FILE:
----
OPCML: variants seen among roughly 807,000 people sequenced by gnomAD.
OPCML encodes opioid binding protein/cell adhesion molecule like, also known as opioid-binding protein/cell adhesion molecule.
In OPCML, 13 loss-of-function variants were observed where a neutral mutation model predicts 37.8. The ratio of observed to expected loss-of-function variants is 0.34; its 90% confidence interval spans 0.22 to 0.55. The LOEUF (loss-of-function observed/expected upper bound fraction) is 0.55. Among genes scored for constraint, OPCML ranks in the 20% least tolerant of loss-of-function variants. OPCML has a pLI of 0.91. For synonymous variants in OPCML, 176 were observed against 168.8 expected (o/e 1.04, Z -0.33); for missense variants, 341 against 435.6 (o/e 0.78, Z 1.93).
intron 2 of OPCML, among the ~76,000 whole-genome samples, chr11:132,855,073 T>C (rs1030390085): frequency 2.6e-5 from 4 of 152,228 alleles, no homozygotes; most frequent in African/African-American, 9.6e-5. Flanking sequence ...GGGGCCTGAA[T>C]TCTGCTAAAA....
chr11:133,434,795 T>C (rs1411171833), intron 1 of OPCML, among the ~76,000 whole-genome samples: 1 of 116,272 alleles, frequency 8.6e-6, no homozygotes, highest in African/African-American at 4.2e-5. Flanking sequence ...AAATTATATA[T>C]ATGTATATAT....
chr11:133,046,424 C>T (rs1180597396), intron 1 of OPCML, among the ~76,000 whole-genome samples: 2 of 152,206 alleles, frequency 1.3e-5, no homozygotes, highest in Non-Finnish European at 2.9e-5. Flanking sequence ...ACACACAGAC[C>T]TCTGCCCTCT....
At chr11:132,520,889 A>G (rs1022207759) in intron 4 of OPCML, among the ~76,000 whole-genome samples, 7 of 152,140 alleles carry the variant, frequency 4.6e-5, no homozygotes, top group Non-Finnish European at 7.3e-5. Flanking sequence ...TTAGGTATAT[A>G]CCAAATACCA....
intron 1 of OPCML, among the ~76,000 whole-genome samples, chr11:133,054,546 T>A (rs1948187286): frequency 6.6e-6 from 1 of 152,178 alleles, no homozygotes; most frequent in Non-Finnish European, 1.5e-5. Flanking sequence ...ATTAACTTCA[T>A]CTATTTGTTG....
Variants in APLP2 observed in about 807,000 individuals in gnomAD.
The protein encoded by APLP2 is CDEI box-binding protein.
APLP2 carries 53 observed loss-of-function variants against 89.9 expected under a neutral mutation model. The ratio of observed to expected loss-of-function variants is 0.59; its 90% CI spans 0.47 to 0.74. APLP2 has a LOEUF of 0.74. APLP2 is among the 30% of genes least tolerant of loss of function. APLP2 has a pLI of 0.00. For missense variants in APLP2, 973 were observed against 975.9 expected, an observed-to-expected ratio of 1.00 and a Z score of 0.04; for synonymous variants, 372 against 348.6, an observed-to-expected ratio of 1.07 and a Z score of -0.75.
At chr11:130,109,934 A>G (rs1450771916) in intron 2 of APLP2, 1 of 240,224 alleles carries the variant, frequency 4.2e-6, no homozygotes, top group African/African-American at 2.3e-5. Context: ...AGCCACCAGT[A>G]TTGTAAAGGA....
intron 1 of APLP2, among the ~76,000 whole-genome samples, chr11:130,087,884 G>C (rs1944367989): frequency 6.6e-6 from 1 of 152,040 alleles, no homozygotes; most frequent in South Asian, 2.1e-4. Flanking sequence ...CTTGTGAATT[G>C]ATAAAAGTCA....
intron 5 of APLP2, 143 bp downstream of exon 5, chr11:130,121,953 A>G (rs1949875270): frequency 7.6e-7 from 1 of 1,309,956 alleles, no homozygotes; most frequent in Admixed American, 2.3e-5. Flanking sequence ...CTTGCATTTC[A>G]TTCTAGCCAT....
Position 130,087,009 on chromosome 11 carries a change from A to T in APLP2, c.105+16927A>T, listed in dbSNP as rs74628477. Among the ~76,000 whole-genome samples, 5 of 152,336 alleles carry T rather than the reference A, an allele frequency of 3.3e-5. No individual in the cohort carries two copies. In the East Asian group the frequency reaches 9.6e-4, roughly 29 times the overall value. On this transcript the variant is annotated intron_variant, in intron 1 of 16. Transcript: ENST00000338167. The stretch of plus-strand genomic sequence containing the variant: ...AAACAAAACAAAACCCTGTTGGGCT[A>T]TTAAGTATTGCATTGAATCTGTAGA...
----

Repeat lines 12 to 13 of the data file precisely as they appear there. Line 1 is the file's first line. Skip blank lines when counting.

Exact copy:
At chr11:130,109,934 A>G (rs1450771916) in intron 2 of APLP2, 1 of 240,224 alleles carries the variant, frequency 4.2e-6, no homozygotes, top group African/African-American at 2.3e-5. Context: ...AGCCACCAGT[A>G]TTGTAAAGGA....
intron 1 of APLP2, among the ~76,000 whole-genome samples, chr11:130,087,884 G>C (rs1944367989): frequency 6.6e-6 from 1 of 152,040 alleles, no homozygotes; most frequent in South Asian, 2.1e-4. Flanking sequence ...CTTGTGAATT[G>C]ATAAAAGTCA....